Music

Never Heard of 'Em

Never Heard of 'Em: Hüsker Dü's Zen Arcade

Anna Minard claims to "know nothing about music." For this column, we force her to listen to random records by artists considered to be important by music nerds.

HÜSKER DÜ

Zen Arcade
(SST)

First, a digression: ROCK DOTS (oh, the assonance! So poetic!). Or: Röck Döts?! Also known as a "heavy metal umlaut," röck döts are the dots sitting atop a letter "gratuitously or decoratively" in a band name, according to Wikipedia—e.g., Blue Öyster Cult, Mötley Crüe, etc. (Is anyone else craving the impossible-to-masticate candies called Dots now?) Because of their röck döts, I'd always assumed that Hüsker Dü were a tacky metal band. Ööps! Turns out they're hardcore, punk, or thrash—hardcore is a kind of punk, right? And thrash is a kind of metal... The music taxonomy eludes me yet again. What's important is that they were influential and not commercially successful—catnip to music nerds' little noses.

I started listening to Zen Arcade after the interwebs decreed it in our blog poll. I walked around the city buying groceries, dodging rush-hour pedestrian mobs, baking a little in the late sun. I did not love it; I did not hate it. It was yelly, but I'm used to giving that a chance now.

Shortly, a song, halfway done already, climbed through the mess of city and snared itself in some feelings that had been building a hidden nest in my stomach. "Never Talking to You Again" is straightforward, quietly defiant, and less than two minutes long. "There are things that I'd like to say/But I'm never talking to you again/There's things I'd like to phrase some way/But I'm never talking to you again..." A resigned-but-empowering estrangement anthem? Yes, please! When it was over, I pressed rewind. Then I accidentally-on-purpose listened to it on repeat for an hour-long bus ride, mesmerized.

I did eventually listen to the whole thing, and while I kept wishing I had better headphones or better speakers (then I read that the production is just kind of shit), and some of it was annoying—"Hare Krsna" = someone sharpening their jingle bells on a whetstone wrapped in cellophane?—I liked how much variation there was across a long album. Apparently, it's a concept album about a suburban kid in a mental hospital, but I couldn't really understand most of the words.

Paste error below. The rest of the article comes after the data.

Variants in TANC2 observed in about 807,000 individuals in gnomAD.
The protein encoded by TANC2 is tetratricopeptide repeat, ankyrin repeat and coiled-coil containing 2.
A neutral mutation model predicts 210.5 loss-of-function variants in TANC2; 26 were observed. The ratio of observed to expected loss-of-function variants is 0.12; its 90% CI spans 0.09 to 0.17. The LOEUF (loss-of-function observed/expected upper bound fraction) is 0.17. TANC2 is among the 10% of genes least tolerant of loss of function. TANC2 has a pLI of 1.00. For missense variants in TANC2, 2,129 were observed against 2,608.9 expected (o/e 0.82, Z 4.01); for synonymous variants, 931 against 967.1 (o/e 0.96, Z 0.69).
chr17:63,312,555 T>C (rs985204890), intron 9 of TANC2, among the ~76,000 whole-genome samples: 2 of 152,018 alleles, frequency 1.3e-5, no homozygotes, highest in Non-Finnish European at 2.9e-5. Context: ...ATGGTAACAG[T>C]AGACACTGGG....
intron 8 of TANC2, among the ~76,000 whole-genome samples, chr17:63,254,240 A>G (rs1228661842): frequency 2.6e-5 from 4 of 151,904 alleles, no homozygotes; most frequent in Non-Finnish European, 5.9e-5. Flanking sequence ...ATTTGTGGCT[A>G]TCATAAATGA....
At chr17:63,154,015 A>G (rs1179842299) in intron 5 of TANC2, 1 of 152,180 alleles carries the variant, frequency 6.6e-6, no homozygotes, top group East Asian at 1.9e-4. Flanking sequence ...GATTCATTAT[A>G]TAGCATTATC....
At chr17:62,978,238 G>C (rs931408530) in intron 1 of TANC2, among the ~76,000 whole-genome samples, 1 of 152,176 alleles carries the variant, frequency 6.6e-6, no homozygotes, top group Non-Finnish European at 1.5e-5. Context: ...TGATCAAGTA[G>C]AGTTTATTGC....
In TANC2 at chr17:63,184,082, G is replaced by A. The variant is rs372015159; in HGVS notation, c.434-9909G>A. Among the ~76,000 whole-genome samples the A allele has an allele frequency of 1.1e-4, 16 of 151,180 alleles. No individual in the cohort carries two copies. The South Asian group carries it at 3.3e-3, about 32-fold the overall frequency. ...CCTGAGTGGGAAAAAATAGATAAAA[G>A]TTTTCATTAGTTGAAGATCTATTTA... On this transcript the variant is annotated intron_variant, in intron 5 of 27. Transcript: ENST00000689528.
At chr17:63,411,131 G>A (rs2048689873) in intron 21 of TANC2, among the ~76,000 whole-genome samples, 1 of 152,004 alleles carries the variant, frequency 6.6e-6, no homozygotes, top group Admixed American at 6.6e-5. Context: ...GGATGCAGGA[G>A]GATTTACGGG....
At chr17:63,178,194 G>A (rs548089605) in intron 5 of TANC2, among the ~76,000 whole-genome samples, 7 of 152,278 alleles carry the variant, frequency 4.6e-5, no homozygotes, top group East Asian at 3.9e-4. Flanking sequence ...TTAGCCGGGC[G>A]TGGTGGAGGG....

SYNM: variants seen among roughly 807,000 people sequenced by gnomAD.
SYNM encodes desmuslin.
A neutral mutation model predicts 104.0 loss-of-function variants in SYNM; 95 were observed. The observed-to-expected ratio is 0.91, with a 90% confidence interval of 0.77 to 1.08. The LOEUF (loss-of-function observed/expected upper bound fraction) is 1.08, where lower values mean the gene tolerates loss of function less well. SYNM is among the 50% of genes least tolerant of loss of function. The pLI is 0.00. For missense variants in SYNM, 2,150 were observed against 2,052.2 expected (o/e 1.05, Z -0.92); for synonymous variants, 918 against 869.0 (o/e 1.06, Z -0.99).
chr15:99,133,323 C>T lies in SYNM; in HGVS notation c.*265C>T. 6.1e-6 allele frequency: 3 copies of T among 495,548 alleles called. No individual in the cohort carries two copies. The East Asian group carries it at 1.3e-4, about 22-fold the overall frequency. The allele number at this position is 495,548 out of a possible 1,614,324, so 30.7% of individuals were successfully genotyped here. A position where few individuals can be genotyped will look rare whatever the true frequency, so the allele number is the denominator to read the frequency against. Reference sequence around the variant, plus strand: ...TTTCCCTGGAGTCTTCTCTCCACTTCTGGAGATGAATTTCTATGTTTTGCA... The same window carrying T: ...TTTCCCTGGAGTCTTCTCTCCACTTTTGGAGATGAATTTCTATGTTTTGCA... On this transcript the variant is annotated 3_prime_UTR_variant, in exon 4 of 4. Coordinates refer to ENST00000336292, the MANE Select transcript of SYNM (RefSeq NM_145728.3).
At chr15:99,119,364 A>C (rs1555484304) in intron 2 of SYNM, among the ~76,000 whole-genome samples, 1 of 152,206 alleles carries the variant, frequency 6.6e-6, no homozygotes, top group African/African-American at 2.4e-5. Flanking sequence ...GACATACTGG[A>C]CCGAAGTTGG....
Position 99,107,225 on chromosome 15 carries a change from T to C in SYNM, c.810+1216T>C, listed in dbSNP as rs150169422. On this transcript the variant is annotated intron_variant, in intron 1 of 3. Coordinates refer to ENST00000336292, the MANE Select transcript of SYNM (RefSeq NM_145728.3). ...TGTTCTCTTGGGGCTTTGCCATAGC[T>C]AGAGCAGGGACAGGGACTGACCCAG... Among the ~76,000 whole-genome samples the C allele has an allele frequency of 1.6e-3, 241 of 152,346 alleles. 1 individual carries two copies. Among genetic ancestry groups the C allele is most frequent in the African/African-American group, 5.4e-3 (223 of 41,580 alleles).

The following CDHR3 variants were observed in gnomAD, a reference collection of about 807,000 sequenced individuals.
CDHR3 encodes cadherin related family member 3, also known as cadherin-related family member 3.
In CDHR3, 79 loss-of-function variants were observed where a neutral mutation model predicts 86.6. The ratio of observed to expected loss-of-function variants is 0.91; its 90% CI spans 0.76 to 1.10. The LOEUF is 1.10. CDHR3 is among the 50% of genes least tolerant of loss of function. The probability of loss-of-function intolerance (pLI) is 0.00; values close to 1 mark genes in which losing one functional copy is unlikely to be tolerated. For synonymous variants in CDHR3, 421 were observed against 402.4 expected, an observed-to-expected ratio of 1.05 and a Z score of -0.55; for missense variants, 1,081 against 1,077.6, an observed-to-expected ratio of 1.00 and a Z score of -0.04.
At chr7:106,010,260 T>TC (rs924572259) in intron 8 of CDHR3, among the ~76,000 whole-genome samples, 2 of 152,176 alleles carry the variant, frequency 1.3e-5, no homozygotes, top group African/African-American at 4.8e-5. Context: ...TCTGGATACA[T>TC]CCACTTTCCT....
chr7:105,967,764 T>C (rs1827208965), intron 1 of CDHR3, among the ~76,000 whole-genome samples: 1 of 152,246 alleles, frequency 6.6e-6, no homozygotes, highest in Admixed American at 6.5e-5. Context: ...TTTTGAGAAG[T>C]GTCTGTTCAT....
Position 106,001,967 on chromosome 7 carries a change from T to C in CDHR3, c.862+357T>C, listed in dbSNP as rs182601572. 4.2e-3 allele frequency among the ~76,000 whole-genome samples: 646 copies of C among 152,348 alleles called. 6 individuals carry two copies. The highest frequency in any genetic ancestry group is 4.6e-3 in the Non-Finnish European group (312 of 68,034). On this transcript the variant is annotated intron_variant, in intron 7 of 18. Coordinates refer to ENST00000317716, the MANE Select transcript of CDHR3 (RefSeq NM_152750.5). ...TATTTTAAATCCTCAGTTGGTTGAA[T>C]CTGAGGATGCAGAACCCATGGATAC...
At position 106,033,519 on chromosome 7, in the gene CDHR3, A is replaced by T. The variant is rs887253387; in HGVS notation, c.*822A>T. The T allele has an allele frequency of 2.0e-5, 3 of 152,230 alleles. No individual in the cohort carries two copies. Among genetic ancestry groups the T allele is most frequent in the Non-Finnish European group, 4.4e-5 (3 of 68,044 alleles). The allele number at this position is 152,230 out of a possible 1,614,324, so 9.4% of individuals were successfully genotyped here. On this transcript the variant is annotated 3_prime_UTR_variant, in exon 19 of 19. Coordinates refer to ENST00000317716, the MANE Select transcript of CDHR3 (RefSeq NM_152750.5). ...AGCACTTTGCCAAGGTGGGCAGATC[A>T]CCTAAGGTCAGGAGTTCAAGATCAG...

I end with music news you should write on a Post-It so you don't lose: Former frontman Bob Mould is coming to town (solo) on September 18! You heard it here first! Or third or something.

In honor of "Never Talking," I give this a "my new favorite ohrwurm" out of 10. recommended

 

Comments (7) RSS

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1
This column makes me feel old as dirt.
Posted by mint chocolate chip on August 16, 2012 at 6:29 PM · Report this
ean 2
Yeah MCC me too, but she is kind of right. I always thought that this album was crappy except for that song. Especially the production, which if I remember correctly was a collaborative effort between Self Produced and LSD, never a good combo. For me, Flip Your Wig and New Day Rising were the good albums, and this was the self indulgent lousy one.
Posted by ean on August 17, 2012 at 9:07 AM · Report this
Paul Kuniholm Pauper 3
For the record, and a waste of my breath, Hüsker Dü were the first to umlaut. And though Zen Arcade was not Flip Your Wig, Zen Arcade did inspire a visual art breakthrough of mine, using a vintage video arcade game as an exhibit system.
Posted by Paul Kuniholm Pauper http://artisttrust.org/index.php/award-winners/artist-profile/paul_kuniholm_pauper on August 21, 2012 at 3:33 PM · Report this
4
Blue Oyster Cult and Motorhead were the first to use umlauts. "Something I Learned Today" was a great live tune, but just OK on record. "Never Talking to You Again" is a good one. At the Triple Door show this spring, Bob said he felt the best three records he ever did were Workbook, Copper Blue, and Flip Your Wig. For my money, the Huskers sounded better live than on wax.
Posted by after4ever on August 27, 2012 at 3:02 PM · Report this
5
The use of umlauts in the band's name is not entirely gratuitous, as the name originally appeared in Danish as "Hūsker Dū" and the diacritical marks known as macrons were replaced with the more familiar umlauts. Why? Who knows.

The name refers to a Danish board game played by children that is similar to a game we call Concentration. The name "Hūsker Dū" literally translates into "Do You Remember?" in Danish.

You're welcome.
-Harold Lowe Bagg, Professor Emeritus
Posted by rael1964 on August 28, 2012 at 1:01 PM · Report this
6
There was an early-70s TV commercial in the upper Midwest with a cheezy sales pitch for the boardgame Husker Du that would repeat the name over and over.

That's where they got the name.
Posted by Alirox on September 11, 2012 at 2:59 PM · Report this
7
http://www.theonion.com/articles/united-…
Posted by I'll umlaut YOUR face on September 18, 2012 at 10:26 PM · Report this

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